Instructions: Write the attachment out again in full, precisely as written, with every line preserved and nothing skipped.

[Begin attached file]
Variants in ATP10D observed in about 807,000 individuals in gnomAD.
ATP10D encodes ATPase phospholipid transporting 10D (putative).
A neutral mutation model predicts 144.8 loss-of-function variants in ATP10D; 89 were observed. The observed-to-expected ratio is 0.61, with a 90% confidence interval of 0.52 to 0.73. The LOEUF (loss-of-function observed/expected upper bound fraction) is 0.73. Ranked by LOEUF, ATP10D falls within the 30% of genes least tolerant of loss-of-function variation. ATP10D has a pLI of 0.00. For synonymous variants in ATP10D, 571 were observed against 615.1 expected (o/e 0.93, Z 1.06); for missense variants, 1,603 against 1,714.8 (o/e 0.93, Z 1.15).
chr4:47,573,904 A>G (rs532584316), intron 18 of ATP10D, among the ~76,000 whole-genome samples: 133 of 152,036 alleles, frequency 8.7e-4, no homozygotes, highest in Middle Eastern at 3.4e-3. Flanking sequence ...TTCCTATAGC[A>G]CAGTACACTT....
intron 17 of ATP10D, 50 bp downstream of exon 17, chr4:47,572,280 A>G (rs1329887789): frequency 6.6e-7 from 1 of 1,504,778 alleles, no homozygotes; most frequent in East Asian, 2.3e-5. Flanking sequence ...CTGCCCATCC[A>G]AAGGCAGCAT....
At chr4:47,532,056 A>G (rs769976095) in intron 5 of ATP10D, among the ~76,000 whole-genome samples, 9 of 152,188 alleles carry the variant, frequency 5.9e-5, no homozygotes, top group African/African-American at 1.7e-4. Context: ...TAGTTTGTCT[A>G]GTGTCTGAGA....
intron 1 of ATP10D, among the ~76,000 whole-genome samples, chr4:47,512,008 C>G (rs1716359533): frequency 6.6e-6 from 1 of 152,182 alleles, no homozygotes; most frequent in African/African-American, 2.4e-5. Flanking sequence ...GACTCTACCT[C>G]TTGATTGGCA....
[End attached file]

Variants in ATP10D observed in about 807,000 individuals in gnomAD.
ATP10D encodes ATPase phospholipid transporting 10D (putative).
A neutral mutation model predicts 144.8 loss-of-function variants in ATP10D; 89 were observed. The observed-to-expected ratio is 0.61, with a 90% confidence interval of 0.52 to 0.73. The LOEUF (loss-of-function observed/expected upper bound fraction) is 0.73. Ranked by LOEUF, ATP10D falls within the 30% of genes least tolerant of loss-of-function variation. ATP10D has a pLI of 0.00. For synonymous variants in ATP10D, 571 were observed against 615.1 expected (o/e 0.93, Z 1.06); for missense variants, 1,603 against 1,714.8 (o/e 0.93, Z 1.15).
chr4:47,573,904 A>G (rs532584316), intron 18 of ATP10D, among the ~76,000 whole-genome samples: 133 of 152,036 alleles, frequency 8.7e-4, no homozygotes, highest in Middle Eastern at 3.4e-3. Flanking sequence ...TTCCTATAGC[A>G]CAGTACACTT....
intron 17 of ATP10D, 50 bp downstream of exon 17, chr4:47,572,280 A>G (rs1329887789): frequency 6.6e-7 from 1 of 1,504,778 alleles, no homozygotes; most frequent in East Asian, 2.3e-5. Flanking sequence ...CTGCCCATCC[A>G]AAGGCAGCAT....
At chr4:47,532,056 A>G (rs769976095) in intron 5 of ATP10D, among the ~76,000 whole-genome samples, 9 of 152,188 alleles carry the variant, frequency 5.9e-5, no homozygotes, top group African/African-American at 1.7e-4. Context: ...TAGTTTGTCT[A>G]GTGTCTGAGA....
intron 1 of ATP10D, among the ~76,000 whole-genome samples, chr4:47,512,008 C>G (rs1716359533): frequency 6.6e-6 from 1 of 152,182 alleles, no homozygotes; most frequent in African/African-American, 2.4e-5. Flanking sequence ...GACTCTACCT[C>G]TTGATTGGCA....